Sunday, October 21, 2012

The Full English, If You Please...

Oh the planning that has been going on behind the scenes lately.  The emails back and forth, the research, the reading of's all so exciting!  Tomorrow I set sail, so to speak, for England's green and pleasant land where I will be meeting up with The Heiress after tearfully parting ways just over one year ago.  We have plans to tour castles and cathedrals, museums and galleries, stroll cobbles and lane ways, and if we darken the doorway of the odd tea room along the way then we couldn't be happier.  Cross the threshold of a bookshop or seven, you bet.  Which reminds me of a do you browse a newly discovered bookshop?  I start at the letter 'A' and look at until I reach the last title in 'Z', this usually means that my long-suffering husband has time to search out a pub, order and consume a pint and browse some shops before returning to find me at 'N'. 

Our cardigan girl, Verity, has resurfaced on one of her blogs to announce that she will be hosting a chat on November 15 of Mrs Palfrey at the Claremont by Elizabeth Taylor.  I will be signing into a few hotels over the next several days and absolutely can not wait to find out what Mrs Palfrey was paying for her room sometime before 1971 when the book was first published.  Poor thing didn't rip up half of London the way I plan to though.

And in other bookish news, I have ordered a copy of Friends and Relations by Elizabeth Bowen from The Book Depository.  You can still catch the pre-order price over the next couple of weeks and if you need any inspiration click here for Book Snob's review.  If her stunningly alluring writing style doesn't make you simply die with longing for a good read then nothing will.  There's more!  Not one hour ago, I discovered The Brickfield by L. P. Hartley is about to be reissued by John Murray Publishers and I just adore the cover art.  It will be followed by the sequel My Fellow Devils next June so lots of time to get in on things.  If you haven't yet discovered this author's wonderful writing then may I suggest The Hireling, which I enjoyed just a teensy bit more than The Go-Between, but both were fantastic.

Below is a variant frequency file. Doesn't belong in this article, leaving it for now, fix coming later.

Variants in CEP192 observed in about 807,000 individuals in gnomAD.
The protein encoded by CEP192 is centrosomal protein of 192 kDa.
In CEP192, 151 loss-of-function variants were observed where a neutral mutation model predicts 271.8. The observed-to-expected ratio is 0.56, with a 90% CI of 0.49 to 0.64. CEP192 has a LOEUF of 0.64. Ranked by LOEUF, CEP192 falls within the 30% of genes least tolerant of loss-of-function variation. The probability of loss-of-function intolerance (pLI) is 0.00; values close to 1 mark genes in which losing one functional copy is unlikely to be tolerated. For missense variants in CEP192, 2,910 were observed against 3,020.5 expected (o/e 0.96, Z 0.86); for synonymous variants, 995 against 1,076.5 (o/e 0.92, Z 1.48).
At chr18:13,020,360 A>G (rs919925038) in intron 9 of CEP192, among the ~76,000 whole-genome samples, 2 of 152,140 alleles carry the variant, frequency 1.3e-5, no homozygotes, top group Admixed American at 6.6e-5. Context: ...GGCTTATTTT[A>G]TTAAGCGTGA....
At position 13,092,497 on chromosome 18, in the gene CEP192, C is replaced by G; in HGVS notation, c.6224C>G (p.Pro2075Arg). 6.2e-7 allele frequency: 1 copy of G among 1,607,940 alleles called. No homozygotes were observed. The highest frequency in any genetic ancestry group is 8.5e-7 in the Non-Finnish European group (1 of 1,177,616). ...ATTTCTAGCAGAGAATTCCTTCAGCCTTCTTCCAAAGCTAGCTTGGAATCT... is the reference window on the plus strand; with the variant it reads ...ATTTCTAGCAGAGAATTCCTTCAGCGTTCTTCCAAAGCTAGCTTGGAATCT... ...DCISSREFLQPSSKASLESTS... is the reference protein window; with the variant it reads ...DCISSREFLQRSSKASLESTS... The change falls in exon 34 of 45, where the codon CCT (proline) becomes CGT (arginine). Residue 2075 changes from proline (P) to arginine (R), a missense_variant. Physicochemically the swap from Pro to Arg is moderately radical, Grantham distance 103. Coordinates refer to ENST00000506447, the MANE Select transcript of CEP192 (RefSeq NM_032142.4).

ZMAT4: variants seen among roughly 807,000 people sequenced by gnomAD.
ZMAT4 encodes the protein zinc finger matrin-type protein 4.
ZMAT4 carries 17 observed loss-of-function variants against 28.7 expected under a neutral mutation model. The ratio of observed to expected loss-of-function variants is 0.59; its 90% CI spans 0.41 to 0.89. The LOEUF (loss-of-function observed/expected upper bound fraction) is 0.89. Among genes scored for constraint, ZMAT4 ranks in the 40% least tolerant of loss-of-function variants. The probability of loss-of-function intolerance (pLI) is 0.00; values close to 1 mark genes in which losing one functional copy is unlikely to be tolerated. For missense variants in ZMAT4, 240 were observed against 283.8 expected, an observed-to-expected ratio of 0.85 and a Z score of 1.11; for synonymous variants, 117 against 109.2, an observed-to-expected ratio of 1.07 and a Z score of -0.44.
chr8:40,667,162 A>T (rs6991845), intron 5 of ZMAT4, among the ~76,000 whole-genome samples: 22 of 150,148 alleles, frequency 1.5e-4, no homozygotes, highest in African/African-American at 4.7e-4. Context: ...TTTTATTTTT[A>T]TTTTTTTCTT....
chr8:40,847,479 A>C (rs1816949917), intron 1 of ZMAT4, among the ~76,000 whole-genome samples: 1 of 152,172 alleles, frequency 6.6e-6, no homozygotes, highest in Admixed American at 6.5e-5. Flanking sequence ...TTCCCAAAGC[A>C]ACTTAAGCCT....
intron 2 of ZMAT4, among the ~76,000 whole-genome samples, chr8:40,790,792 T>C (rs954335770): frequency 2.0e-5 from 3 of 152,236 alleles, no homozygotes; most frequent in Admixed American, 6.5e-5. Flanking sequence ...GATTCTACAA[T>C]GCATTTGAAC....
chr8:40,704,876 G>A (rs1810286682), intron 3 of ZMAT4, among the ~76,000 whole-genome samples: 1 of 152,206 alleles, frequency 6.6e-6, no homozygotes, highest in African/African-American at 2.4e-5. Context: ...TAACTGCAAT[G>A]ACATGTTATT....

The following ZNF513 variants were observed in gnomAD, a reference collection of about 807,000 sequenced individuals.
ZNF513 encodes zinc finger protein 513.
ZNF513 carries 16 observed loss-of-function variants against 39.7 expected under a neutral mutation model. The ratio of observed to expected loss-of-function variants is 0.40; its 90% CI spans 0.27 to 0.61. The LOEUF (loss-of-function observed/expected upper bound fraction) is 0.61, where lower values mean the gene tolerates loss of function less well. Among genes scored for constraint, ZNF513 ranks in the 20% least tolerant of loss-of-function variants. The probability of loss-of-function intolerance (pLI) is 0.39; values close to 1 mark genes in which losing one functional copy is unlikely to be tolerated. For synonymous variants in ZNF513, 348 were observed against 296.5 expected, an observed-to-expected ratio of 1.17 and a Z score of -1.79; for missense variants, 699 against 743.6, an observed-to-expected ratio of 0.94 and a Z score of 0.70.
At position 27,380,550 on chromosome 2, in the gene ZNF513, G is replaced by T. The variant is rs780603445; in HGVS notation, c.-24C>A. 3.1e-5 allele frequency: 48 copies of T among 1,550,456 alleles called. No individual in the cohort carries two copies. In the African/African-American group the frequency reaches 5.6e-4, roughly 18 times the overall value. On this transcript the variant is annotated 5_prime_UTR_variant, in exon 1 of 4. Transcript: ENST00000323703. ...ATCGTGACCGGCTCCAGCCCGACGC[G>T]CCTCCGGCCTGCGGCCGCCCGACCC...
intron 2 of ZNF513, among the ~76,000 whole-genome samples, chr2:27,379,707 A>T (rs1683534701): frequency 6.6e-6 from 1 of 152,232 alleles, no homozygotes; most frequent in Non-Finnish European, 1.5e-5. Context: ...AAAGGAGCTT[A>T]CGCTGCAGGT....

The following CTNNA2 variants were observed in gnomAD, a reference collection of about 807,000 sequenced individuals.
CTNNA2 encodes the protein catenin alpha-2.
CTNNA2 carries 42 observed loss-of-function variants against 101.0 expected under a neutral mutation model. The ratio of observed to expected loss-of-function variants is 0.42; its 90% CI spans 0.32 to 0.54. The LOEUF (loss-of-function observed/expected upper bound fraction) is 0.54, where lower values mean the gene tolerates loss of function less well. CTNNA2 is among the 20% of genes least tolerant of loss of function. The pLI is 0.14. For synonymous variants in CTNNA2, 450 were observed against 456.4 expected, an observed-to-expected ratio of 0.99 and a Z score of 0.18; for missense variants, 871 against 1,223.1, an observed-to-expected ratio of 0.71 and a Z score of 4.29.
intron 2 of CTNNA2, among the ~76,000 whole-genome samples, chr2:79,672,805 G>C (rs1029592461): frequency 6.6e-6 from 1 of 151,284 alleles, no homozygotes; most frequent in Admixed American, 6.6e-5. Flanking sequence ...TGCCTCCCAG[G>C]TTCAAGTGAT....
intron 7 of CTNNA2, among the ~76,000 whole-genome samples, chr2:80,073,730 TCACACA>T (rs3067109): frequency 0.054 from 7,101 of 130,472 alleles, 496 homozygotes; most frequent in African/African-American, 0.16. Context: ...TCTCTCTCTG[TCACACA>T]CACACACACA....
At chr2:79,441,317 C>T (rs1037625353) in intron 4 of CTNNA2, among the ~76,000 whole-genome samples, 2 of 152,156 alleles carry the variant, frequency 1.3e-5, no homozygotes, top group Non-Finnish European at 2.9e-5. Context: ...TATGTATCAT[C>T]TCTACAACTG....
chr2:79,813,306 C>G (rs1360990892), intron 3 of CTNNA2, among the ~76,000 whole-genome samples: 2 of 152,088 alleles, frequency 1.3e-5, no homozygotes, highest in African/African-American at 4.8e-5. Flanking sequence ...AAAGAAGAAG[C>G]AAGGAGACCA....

So there you have it, I haven't been hiding under a rock but simply preoccupied and goodness knows my pea brain can only handle so many things at once.  So England...plug in the kettle because I am on my way!

Monday, October 8, 2012

An Autumnal Tradition